Interview: Rob Reger Pt 2. [of 2]

Categories:  Interviews


Rob Reger’s Emily has appeared on skateboard desks, t-shirts, in comic books, and novels. The next step for the black and white little girl couldn’t be more clear–Emily’s going to get her on movie. In this second part of our interview with the graphic designer turned mini-mogul, we squeeze what little information about the upcoming film project he’s willing to spill.

[Part One]

Do you have a compendium of facts about the character that everyone works off of?

We have style guides, yeah, for the basics. It depends on what the project is. I’ve working with Jessica [Gruner] on the novel series, very very closely. She’s been doing it with me for eight years, so she knows Emily as much as me—or better, sometimes.

That’s an added dimension of this character, turning it into a novel.

Yeah. It’s all been a natural growth. It started off as t-shirts with a simple one-liner, and then graphic books, with the same sentences and a little bit of art, and then the comics, with Darkhorse here. That was the first time we ever actually told mini stories. And the novel is the first real look at Emily’s mind, because it’s a diary format. We’re writing exactly as Emily’s thinking in her mind. More than she says stuff, she thinks stuff, so that’s kind of the perfect format for her.

Is that out now?

It’s out in June 09.

People get really attached to characters, and when your taking one and adding an entirely new dimension, it probably acts to turn some people off. There’s this character unto which they’ve probably projected a lot already. Do you get feeback from fans about things like that?

In terms of how they think she should be different?

Yeah, or how she’s not lining up to the image that had in their mind of her.

Not a whole lot. I think people are pretty accepting of where we’ve taken her, and we’ve been pretty true to the whole concept of her being a strange girl who celebrates being yourself and avoiding other people.

You almost had to make a progression into other storytelling formats, lest people make up their own stories on the Internet.

Definitely. It was a very logical progression. It did demand that.

You had to beat them to the punch.

Yeah, yeah, and I think a lot of it started when I started getting interested in Hollywood for making a film or a TV show or something like that. I’ve been working in that direction for about five years now, and the first time I met with a producer, he asked me about a dozen questions I didn’t know the answers to, so I went back that night and figured out all of the answers to those questions.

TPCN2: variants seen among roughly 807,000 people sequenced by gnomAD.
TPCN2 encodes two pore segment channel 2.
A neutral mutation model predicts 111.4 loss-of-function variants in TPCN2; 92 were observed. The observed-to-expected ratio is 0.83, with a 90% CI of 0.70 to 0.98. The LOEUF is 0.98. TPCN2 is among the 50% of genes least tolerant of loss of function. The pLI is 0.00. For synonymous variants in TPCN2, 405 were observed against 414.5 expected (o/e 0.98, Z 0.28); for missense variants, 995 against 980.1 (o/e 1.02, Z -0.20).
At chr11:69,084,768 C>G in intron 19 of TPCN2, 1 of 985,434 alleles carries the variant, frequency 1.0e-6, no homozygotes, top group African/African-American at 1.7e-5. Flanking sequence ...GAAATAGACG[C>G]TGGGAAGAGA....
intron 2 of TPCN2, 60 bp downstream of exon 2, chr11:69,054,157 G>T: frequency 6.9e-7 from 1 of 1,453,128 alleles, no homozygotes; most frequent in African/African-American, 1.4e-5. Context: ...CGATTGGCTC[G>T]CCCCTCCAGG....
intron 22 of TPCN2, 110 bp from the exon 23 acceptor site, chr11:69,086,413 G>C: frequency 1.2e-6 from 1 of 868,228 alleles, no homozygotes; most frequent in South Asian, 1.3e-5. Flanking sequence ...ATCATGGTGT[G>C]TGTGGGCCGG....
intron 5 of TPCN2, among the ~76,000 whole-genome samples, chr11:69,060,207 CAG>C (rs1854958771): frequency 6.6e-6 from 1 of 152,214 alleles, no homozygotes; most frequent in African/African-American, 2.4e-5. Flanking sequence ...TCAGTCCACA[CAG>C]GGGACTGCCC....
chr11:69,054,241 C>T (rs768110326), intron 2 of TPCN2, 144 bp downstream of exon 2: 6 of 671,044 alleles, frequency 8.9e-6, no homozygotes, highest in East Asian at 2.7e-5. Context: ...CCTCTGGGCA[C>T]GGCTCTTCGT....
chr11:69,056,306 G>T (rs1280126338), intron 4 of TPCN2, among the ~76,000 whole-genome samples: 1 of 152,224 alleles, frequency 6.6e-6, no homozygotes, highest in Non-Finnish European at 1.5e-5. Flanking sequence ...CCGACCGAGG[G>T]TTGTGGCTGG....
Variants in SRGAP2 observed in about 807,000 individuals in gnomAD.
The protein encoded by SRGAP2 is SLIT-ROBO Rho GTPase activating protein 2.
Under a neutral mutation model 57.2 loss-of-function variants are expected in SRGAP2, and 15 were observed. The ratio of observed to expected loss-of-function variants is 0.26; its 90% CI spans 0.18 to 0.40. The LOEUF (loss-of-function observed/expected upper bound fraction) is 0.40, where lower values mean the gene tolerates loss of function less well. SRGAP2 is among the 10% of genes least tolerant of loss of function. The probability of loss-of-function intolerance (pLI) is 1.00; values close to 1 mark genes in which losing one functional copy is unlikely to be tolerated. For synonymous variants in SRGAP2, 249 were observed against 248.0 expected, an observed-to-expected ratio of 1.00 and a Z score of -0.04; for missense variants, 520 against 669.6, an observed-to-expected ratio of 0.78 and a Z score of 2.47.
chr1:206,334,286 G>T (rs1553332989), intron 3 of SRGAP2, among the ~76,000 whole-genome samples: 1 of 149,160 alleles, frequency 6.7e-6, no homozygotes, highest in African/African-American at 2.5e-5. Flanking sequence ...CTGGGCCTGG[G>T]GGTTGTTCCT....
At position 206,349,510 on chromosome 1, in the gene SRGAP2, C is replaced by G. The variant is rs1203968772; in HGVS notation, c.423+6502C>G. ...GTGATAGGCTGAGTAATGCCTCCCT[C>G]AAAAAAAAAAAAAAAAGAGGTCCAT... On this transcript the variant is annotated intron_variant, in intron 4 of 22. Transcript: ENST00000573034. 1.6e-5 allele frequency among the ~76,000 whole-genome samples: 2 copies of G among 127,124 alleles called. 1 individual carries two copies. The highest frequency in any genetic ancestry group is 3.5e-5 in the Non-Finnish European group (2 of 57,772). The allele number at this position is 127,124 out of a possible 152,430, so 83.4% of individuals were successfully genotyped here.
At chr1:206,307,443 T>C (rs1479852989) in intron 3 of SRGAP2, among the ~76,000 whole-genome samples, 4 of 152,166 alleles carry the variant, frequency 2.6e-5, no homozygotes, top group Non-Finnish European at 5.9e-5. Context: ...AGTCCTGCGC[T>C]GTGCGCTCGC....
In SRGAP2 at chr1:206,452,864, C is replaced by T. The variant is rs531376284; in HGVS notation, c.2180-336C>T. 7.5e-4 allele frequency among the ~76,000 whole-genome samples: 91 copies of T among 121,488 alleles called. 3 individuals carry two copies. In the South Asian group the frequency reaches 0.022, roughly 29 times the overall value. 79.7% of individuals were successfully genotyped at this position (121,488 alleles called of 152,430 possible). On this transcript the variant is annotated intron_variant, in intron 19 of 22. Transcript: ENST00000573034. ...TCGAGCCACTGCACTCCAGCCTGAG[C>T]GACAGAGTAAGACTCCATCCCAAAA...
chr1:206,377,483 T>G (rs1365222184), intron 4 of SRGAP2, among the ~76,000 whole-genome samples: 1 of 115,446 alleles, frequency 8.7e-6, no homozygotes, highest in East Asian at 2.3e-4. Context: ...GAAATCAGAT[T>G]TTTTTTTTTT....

What sort of things?

Like, does she go to school? Where does she live?

Pretty basic questions.

Yeah, basic questions, but I hadn’t considered where she lived, so I had to start thinking that up. I think the novel series is going to be fun, because you’re going to find out where she lives.

As you said before, the beginning of this character was very enigmatic. Do you think she loses something when you pull back some of that mystery?

I thought so for a long time, but now there’s just so many great ideas that we have that the roller coaster ride is just so much more fun that keeping it a secret. I think ultimately that became limiting, but in the early days, that was a lot of fun, saying, “well, I don’t know, what do you think?”

What’s the latest on this Hollywood project?

Well, I’m working with Mike Richardson, who is attached as the producer. And he does all those other great movies. He’s a master of turning a comic book into a Hollywood blockbuster. We’re just working on final points of a deal right now. We’re working on a live action film. Can’t really say too much more, until we sign some papers.

Was there a lot of question about whether it would be live action or animated?

Not really. Mike’s experience with the studio we’re talking to is that they were really looking for a strong, female, live action movie, so it kind of fits right in with what they wanted to do. I’ve always wanted to do animation, and we will sometime. I’ve got to see her animated.

That seems like the next natural step in the progression.

Yeah. Maybe we’ll see her in a video game before then.

So you’re pretty much looking everywhere for a place to branch her out to.

Yeah, and the video game is the final frontier. It’s animation, it’s action, it’s storytelling—it’s everything.

–Brian Heater

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2 Comments to “Interview: Rob Reger Pt 2. [of 2]”

  1. Greg G | March 18th, 2009 at 8:54 pm

    Hard hitting stuff!

    Marc Simont has apparently been in touch with his publisher’s legal department over the Emily the Strange ripoff. I wonder how things are going?

  2. darrylayo | March 19th, 2009 at 11:14 am

    I think the process of turning what began as a cipher into a dimensional, articulated character is fascinating. There comes a time when handling characters who emerge from this kind of image-first process when their creators are forced to answer: “what is this character about?”

    Additionally, as a more typical alternative comics reader, I’m struck by Mr. Reger’s attitude about having other people work with his creation. That he doesn’t feel that he’s losing any sense of control or personal identity in the process runs counter to how most DIY folks seem to think.